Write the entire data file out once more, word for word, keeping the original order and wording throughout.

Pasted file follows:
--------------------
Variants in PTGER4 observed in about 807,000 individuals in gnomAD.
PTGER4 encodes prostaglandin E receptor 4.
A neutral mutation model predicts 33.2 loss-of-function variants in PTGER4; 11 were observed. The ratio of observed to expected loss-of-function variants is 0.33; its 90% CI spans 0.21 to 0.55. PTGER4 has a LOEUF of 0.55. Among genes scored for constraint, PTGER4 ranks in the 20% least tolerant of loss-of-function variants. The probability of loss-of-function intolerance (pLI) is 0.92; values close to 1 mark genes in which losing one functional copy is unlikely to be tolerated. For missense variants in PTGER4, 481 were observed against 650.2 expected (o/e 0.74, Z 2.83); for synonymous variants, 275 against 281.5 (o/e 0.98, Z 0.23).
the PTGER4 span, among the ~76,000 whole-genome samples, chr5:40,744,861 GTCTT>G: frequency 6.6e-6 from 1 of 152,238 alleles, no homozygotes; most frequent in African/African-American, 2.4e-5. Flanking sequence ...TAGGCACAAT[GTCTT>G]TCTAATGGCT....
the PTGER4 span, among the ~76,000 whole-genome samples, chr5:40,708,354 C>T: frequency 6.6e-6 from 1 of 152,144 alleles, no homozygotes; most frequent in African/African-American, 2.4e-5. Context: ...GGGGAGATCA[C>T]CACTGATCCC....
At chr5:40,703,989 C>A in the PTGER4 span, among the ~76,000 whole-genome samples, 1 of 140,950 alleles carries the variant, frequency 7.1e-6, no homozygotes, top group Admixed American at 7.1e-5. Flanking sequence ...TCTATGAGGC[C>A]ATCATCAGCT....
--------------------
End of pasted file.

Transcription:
Variants in PTGER4 observed in about 807,000 individuals in gnomAD.
PTGER4 encodes prostaglandin E receptor 4.
A neutral mutation model predicts 33.2 loss-of-function variants in PTGER4; 11 were observed. The ratio of observed to expected loss-of-function variants is 0.33; its 90% CI spans 0.21 to 0.55. PTGER4 has a LOEUF of 0.55. Among genes scored for constraint, PTGER4 ranks in the 20% least tolerant of loss-of-function variants. The probability of loss-of-function intolerance (pLI) is 0.92; values close to 1 mark genes in which losing one functional copy is unlikely to be tolerated. For missense variants in PTGER4, 481 were observed against 650.2 expected (o/e 0.74, Z 2.83); for synonymous variants, 275 against 281.5 (o/e 0.98, Z 0.23).
the PTGER4 span, among the ~76,000 whole-genome samples, chr5:40,744,861 GTCTT>G: frequency 6.6e-6 from 1 of 152,238 alleles, no homozygotes; most frequent in African/African-American, 2.4e-5. Flanking sequence ...TAGGCACAAT[GTCTT>G]TCTAATGGCT....
the PTGER4 span, among the ~76,000 whole-genome samples, chr5:40,708,354 C>T: frequency 6.6e-6 from 1 of 152,144 alleles, no homozygotes; most frequent in African/African-American, 2.4e-5. Context: ...GGGGAGATCA[C>T]CACTGATCCC....
At chr5:40,703,989 C>A in the PTGER4 span, among the ~76,000 whole-genome samples, 1 of 140,950 alleles carries the variant, frequency 7.1e-6, no homozygotes, top group Admixed American at 7.1e-5. Flanking sequence ...TCTATGAGGC[C>A]ATCATCAGCT....